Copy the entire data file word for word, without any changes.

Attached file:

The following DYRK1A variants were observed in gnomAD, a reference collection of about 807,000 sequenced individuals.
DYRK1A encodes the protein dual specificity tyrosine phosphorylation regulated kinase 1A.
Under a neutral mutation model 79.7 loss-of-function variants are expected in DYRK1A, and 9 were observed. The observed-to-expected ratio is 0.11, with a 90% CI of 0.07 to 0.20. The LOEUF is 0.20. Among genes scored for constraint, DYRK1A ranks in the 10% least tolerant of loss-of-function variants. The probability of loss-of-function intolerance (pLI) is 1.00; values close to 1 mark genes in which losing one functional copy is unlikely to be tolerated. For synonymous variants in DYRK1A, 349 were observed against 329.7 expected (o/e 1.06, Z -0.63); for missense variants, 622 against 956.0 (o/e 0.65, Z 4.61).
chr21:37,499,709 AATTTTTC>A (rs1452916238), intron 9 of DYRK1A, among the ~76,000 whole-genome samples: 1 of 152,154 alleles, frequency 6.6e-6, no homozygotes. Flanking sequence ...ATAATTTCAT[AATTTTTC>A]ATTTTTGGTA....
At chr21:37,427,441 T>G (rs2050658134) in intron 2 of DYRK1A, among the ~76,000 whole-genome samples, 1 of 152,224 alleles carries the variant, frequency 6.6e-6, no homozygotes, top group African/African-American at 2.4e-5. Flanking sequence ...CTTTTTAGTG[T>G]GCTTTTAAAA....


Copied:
The following DYRK1A variants were observed in gnomAD, a reference collection of about 807,000 sequenced individuals.
DYRK1A encodes the protein dual specificity tyrosine phosphorylation regulated kinase 1A.
Under a neutral mutation model 79.7 loss-of-function variants are expected in DYRK1A, and 9 were observed. The observed-to-expected ratio is 0.11, with a 90% CI of 0.07 to 0.20. The LOEUF is 0.20. Among genes scored for constraint, DYRK1A ranks in the 10% least tolerant of loss-of-function variants. The probability of loss-of-function intolerance (pLI) is 1.00; values close to 1 mark genes in which losing one functional copy is unlikely to be tolerated. For synonymous variants in DYRK1A, 349 were observed against 329.7 expected (o/e 1.06, Z -0.63); for missense variants, 622 against 956.0 (o/e 0.65, Z 4.61).
chr21:37,499,709 AATTTTTC>A (rs1452916238), intron 9 of DYRK1A, among the ~76,000 whole-genome samples: 1 of 152,154 alleles, frequency 6.6e-6, no homozygotes. Flanking sequence ...ATAATTTCAT[AATTTTTC>A]ATTTTTGGTA....
At chr21:37,427,441 T>G (rs2050658134) in intron 2 of DYRK1A, among the ~76,000 whole-genome samples, 1 of 152,224 alleles carries the variant, frequency 6.6e-6, no homozygotes, top group African/African-American at 2.4e-5. Flanking sequence ...CTTTTTAGTG[T>G]GCTTTTAAAA....